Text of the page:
First of all, I would reframe that resolution from “Stop eating carbs” to “Eat healthier” and then work on it from there. If you frame your resolution as restrictive and negative, instead of engaging and positive, you will not follow through for more than a couple weeks. Once you have a positive resolution, figure out the steps you need to get there and write them down or pick a plan that you think will work for you and follow that.


Ok, I’m going to burst some bubbles right now. Most of your resolutions are bad because they are insanely unrealistic. If you haven’t been to a gym in five years you will not be going 5x a week for a year because you wrote “Start going to the gym” on a scrap of paper. If you can’t remember the last time you sat down to practice guitar for an hour you will not be shredding awesome solos any time soon.

There is a silver lining though.

Get rid of those unrealistic goals and you’ll actually be able to move in the right direction. You’ll start to make real progress instead of giving up when you miss a few days at the gym or haven’t nailed the solo to “Giant Steps” after trying really hard.

Now, you can still set the bar high, as long as each day you’re focused on only the very next step you need to accomplish. 


Finally, your goals should have a clear time-frame to accomplish them. For this example I’ll start with one of my own resolutions: “Read more books this year.” After deciding I wanted to read more books, I came up with 40 books as my real goal. For me, setting my resolution as “Read 40 books this year” is still too abstract to know how much I need to read each day to stay on track, so I broke it down further. Reading 40 books a year is roughly 3-4 books per month or 1/wk. So, as long as I keep up with one each each week I’ll accomplish my resolution at the end of the year.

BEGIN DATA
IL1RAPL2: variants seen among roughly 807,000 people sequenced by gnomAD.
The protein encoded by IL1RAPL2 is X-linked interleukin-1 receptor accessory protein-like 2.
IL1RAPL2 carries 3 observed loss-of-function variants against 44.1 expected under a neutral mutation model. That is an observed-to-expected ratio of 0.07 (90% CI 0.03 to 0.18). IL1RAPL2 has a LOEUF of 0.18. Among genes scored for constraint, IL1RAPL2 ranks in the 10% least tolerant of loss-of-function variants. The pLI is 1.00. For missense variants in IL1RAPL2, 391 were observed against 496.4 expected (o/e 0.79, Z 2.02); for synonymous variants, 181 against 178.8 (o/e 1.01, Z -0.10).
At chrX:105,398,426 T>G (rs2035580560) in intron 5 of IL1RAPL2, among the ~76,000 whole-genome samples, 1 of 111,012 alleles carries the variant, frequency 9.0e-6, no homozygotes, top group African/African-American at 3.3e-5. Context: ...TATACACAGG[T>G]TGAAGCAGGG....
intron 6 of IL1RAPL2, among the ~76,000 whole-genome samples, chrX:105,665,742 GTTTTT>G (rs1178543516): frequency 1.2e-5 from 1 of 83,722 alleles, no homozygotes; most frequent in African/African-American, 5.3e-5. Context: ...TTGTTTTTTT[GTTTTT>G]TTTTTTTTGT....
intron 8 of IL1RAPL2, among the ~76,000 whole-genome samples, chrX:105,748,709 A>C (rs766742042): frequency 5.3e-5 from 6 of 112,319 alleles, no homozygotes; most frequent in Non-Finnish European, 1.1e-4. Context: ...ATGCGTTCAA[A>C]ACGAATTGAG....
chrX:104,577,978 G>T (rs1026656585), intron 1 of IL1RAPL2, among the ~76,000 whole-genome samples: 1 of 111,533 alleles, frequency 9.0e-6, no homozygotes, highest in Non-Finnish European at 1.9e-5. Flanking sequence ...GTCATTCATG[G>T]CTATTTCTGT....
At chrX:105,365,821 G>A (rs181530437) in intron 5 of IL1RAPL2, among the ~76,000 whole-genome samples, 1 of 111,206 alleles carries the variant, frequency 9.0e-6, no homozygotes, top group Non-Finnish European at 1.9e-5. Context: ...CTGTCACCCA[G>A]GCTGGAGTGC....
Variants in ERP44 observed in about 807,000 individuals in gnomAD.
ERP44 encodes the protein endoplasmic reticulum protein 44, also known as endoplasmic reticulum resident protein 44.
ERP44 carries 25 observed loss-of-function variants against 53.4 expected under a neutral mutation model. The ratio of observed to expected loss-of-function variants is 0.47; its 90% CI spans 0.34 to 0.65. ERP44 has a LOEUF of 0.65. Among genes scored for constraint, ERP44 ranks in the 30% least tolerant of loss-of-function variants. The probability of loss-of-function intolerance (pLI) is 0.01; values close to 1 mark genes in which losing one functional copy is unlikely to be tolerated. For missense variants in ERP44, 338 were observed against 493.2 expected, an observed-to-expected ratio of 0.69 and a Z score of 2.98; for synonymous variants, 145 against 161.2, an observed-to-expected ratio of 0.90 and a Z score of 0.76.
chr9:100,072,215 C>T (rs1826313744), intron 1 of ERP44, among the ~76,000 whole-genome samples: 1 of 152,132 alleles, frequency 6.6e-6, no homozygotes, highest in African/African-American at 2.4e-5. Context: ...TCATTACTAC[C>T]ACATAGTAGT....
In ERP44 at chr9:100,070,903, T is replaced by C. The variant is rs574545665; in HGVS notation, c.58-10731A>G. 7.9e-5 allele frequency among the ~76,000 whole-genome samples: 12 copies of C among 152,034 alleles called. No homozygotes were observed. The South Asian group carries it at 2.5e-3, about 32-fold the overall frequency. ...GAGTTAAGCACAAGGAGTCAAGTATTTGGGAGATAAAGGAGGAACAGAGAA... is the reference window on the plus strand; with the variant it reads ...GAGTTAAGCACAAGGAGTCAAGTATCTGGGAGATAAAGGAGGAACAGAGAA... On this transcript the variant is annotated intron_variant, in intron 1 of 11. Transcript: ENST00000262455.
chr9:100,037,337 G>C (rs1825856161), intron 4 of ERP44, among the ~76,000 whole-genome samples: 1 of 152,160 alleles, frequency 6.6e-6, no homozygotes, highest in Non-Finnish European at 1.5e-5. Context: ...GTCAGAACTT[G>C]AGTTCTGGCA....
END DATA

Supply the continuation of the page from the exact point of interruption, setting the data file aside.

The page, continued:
To make my resolution even more Specific and Achievable, I also made a list of exactly which books I’ll read each week for the next few months and the time in my schedule when I have time to read. (If reading more books is also a goal of yours, I highly recommend checking out Ryan Holiday’s Reading List here.)


Creating good New Year’s resolutions takes real effort and thought. It’s easy to blurt out a 3-word resolution that kind of sounds like a goal and then later, when you don’t achieve it, blame the failure on New Year’s resolutions. That’s what most people do and that’s why a year from now those people will have the same resolutions (or worse, give up or making changes all together). But if you’re serious about making a significant change, the SMART goals system will get you there as long as you decide to take action.

While these ideas are fresh in your mind, practice turning your resolutions into SMART goals now by letting me know in the comments below what great things you are going to achieve this year.

To your success, 


P.S. If one of your goals for 2020 includes growing your audience and the impact your music has, I encourage you to check out our brand-new course, Six-Figure Audience, open for registration until midnight on Dec. 31st.